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The Lost City of Thinis, First Capital of a United Egypt


Thinis was a city of the ancient Egyptian civilization. The existence of Thinis is attested by ancient authors, such as Manetho, widely believed to have been an Egyptian priest who lived during the Ptolemaic period. Reference to Thinis is made also in religious texts, such as certain spells found in the The Book of Going Forth by Day (better known as the Book of the Dead ). In spite of references to this city in the literary sources, the exact location of Thinis is still unknown, and therefore remains a great mystery amongst archaeologists and Egyptologists. As a result of this, Thinis is often called a ‘lost city.

1st Dynastic King of Egypt, Menes or Narmer.

First Capital

The 1 st Dynasty of Egypt was established when Upper and Lower Egypt were united under the rule of one pharaoh. According to the writer Manetho, the founder of the 18 th Dynasty was a man by the name of Menes (who is today identified with Narmer, once thought to have been his successor). This pharaoh is said to have been the leader of a tribal confederation known as the Thinite Confederacy. When Upper and Lower Egypt were united, Menes made Thinis his capital, and ruled the country from there.

During the Third Dynasty, the city of Memphis was established, and this became Egypt’s new capital. As a result of this shift, the importance of Thinis suffered a decline. Nevertheless, despite losing its status as the capital of Egypt, Thinis was still a regionally significant urban centre, and served for some time as the capital of the eighth nome in Upper Egypt. It would eventually be replaced by Abydos as the capital of this nome.

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Nearby Abydos (Osireion pictured), after ceding its political rank to Thinis. ( CC BY-SA 2.5 )

Lasting Wealth

The written sources indicate that Thinis was still a city of great wealth, even long after it ceased to be the capital of Egypt. During the reign of Thutmose III, the 6 th pharaoh of the 18 th Dynasty, the yearly tax imposed on Thinis is recorded to have included six debens of gold, half a deben of silver, as well as produce such as grain, cattle, and honey. The wealth of Thinis is evident when compared to nearby Abydos, which was taxed more lightly. For instance, Abydos was required to pay three debens of gold each year, which is half of that paid by Thinis. As another example, whilst Abydos was taxed three sacks of grain per year, 62 sacks were required of Thinis. It may be added that the city was not only prosperous, but was also a regional powerhouse. It is recorded, for example, that the ruler of the Thinite province, a man named Antef, controlled the entire oasis region of the Western Desert, the produce of which would have increased the wealth of Thinis.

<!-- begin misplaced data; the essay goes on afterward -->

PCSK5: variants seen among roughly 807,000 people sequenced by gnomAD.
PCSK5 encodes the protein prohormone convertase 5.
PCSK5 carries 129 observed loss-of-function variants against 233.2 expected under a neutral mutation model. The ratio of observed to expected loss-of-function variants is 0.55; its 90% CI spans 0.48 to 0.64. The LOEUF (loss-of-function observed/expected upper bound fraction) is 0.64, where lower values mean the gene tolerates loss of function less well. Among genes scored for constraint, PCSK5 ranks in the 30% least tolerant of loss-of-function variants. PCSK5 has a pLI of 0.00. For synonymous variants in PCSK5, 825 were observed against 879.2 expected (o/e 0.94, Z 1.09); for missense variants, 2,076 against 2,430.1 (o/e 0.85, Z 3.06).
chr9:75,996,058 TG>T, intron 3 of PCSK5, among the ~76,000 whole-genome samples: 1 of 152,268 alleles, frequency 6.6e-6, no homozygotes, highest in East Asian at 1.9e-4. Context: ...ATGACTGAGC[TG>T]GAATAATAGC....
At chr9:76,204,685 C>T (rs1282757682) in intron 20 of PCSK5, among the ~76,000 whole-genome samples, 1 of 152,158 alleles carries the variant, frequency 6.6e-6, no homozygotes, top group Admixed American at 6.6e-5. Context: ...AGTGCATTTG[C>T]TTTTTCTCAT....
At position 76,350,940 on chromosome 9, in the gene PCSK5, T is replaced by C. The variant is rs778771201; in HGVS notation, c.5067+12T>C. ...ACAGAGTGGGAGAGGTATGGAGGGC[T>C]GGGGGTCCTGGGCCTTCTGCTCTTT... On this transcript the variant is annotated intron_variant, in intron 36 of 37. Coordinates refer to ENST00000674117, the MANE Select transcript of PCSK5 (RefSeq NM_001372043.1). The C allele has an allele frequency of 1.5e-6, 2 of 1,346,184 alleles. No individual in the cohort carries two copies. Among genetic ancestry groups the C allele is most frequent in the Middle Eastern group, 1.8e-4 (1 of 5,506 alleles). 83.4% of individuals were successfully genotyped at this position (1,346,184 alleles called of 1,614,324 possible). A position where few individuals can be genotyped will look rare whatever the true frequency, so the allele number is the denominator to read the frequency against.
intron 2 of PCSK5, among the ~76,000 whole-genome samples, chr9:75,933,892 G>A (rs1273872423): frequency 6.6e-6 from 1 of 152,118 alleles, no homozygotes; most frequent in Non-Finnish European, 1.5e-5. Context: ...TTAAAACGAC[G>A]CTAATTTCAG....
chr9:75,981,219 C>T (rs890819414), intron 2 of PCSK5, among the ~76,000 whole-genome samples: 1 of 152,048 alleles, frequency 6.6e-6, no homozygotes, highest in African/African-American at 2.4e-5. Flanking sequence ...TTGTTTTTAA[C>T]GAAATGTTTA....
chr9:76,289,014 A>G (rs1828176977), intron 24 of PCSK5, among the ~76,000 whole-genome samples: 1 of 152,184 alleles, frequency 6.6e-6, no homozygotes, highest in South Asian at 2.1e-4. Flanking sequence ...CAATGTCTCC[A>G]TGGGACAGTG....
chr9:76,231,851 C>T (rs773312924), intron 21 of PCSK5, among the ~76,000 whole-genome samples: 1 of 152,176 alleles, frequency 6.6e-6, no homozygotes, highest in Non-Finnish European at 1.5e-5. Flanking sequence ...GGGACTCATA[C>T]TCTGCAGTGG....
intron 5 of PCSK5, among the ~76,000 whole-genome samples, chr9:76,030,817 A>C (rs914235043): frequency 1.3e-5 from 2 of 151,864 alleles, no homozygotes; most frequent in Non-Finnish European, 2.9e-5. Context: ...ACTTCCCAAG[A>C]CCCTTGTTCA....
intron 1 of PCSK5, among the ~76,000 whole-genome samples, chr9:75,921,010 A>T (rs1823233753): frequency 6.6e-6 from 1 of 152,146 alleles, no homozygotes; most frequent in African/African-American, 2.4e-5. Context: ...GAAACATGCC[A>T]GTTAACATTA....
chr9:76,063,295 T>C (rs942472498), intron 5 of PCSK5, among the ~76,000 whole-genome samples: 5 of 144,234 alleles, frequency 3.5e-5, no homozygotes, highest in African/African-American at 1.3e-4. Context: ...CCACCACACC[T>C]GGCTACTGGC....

Hunefer's Book of the Dead, detail from Anubis to Thoth. (Steven Zucker/ CC BY-NC-SA 2.0 )

Religious Significance of Thinis

Thinis also has a significant role in the religious beliefs of the ancient Egyptians. This city has been referred to in some of the spells from the Book of Going Forth by Day . Spell 18, for instance, contains the following words,

‘O Thoth who didst vindicate Osiris against his enemies, vindicate (Name) against his enemies in the great Council that is in Abydos on this night of the h3kr-feast (at) the counting of the dead, at the stocktaking of the Blessed, when dancing took place at Tjeni.’

In another spell, Spell Pleyte 168, the following invocation is seen,

‘Raise thyself, Thinite of the Netherworld, in the form of thy (Son) Horus, that he may be pleased with thee.’

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ANCIENT EGYPT: THE BOOK OF THE DEAD

Although Thinis is well-attested in the written sources, the exact location of the ancient city remains a mystery. Archaeologists have yet to unearth this city, and are only able to speculate as to where it might be situated. It has been suggested that Thinis would have been located close to Abydos, and the most likely candidate is the modern day city of Girga. Another likely candidate is the modern city of el-Birba. The discovery of this lost city would indeed enhance our understanding of the ancient Egypt’s Early Dynastic period.


Thinis

Thinis (Greek: Θίνις Thinis, Θίς This Egyptian: Tjenu Coptic: Ⲧⲓⲛ [1] Arabic: ثينيس ‎) was the capital city of the first dynasties of ancient Egypt. Thinis remains undiscovered but is well attested by ancient writers, including the classical historian Manetho, who cites it as the centre of the Thinite Confederacy, a tribal confederation whose leader, Menes (or Narmer), united Egypt and was its first pharaoh. Thinis began a steep decline in importance from Dynasty III, when the capital was relocated to Memphis, which was thought to be the first true and stable capital after unification of old Egypt by Menes. Thinis's location on the border of the competing Heracleopolitan and Theban dynasties of the First Intermediate Period and its proximity to certain oases of possible military importance ensured Thinis some continued significance in the Old and New Kingdoms. This was a brief respite and Thinis eventually lost its position as a regional administrative centre by the Roman period.

Due to its ancient heritage, Thinis remained a significant religious centre, housing the tomb and mummy of the regional deity. In ancient Egyptian religious cosmology, as seen (for example) in the Book of the Dead, Thinis played a role as a mythical place in heaven. [2]